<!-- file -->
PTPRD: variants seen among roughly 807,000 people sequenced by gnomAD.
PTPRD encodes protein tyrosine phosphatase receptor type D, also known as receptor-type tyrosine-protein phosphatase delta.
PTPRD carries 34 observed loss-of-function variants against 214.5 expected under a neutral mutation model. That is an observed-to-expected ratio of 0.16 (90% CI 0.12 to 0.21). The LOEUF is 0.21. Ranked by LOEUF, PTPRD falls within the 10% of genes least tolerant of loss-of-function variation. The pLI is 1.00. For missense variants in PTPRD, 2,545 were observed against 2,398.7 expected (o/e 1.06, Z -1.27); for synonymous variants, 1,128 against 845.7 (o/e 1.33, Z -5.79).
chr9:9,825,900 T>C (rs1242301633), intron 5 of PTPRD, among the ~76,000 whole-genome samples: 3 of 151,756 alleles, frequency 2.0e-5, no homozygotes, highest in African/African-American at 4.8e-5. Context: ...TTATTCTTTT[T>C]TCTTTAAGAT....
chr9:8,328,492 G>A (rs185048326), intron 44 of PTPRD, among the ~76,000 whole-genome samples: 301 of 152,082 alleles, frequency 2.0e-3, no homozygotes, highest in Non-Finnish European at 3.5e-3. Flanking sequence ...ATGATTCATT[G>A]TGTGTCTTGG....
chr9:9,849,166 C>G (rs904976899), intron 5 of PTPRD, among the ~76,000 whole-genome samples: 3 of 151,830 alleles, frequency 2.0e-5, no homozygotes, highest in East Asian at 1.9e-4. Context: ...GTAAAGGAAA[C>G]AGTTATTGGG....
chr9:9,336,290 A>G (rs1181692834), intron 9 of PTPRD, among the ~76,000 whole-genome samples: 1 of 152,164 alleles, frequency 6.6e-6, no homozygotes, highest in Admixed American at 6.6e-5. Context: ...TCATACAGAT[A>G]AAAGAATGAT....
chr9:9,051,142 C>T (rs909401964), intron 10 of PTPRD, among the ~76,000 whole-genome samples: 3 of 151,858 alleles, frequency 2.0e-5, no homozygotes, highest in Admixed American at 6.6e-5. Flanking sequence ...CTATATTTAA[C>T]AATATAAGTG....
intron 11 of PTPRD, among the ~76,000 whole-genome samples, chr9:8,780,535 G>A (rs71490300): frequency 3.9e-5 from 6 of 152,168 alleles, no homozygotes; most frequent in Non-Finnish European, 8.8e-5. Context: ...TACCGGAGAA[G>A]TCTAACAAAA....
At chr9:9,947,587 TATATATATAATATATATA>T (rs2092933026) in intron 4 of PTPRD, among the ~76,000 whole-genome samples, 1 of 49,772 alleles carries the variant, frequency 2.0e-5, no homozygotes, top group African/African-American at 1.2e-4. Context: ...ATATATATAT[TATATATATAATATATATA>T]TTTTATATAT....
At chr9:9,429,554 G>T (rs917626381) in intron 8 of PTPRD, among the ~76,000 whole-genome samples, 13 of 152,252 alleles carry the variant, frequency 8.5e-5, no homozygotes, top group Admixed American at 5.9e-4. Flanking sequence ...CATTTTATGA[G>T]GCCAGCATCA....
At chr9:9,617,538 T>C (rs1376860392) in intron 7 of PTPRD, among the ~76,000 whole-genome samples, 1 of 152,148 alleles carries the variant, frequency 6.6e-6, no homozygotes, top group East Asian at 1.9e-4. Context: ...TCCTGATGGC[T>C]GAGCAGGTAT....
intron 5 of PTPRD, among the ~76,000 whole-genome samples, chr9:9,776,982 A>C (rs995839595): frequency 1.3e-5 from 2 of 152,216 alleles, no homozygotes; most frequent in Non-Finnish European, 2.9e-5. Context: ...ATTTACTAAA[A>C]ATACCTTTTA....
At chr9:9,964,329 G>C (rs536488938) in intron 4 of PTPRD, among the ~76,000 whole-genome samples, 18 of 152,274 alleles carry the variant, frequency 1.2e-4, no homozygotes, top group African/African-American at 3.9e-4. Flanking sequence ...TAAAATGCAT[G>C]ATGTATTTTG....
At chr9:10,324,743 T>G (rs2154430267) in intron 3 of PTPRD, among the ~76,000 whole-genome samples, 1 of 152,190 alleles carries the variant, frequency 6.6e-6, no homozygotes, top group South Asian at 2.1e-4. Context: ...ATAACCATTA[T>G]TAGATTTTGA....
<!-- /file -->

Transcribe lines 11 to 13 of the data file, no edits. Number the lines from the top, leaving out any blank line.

At chr9:9,429,554 G>T (rs917626381) in intron 8 of PTPRD, among the ~76,000 whole-genome samples, 13 of 152,252 alleles carry the variant, frequency 8.5e-5, no homozygotes, top group Admixed American at 5.9e-4. Flanking sequence ...CATTTTATGA[G>T]GCCAGCATCA....
At chr9:9,617,538 T>C (rs1376860392) in intron 7 of PTPRD, among the ~76,000 whole-genome samples, 1 of 152,148 alleles carries the variant, frequency 6.6e-6, no homozygotes, top group East Asian at 1.9e-4. Context: ...TCCTGATGGC[T>C]GAGCAGGTAT....
intron 5 of PTPRD, among the ~76,000 whole-genome samples, chr9:9,776,982 A>C (rs995839595): frequency 1.3e-5 from 2 of 152,216 alleles, no homozygotes; most frequent in Non-Finnish European, 2.9e-5. Context: ...ATTTACTAAA[A>C]ATACCTTTTA....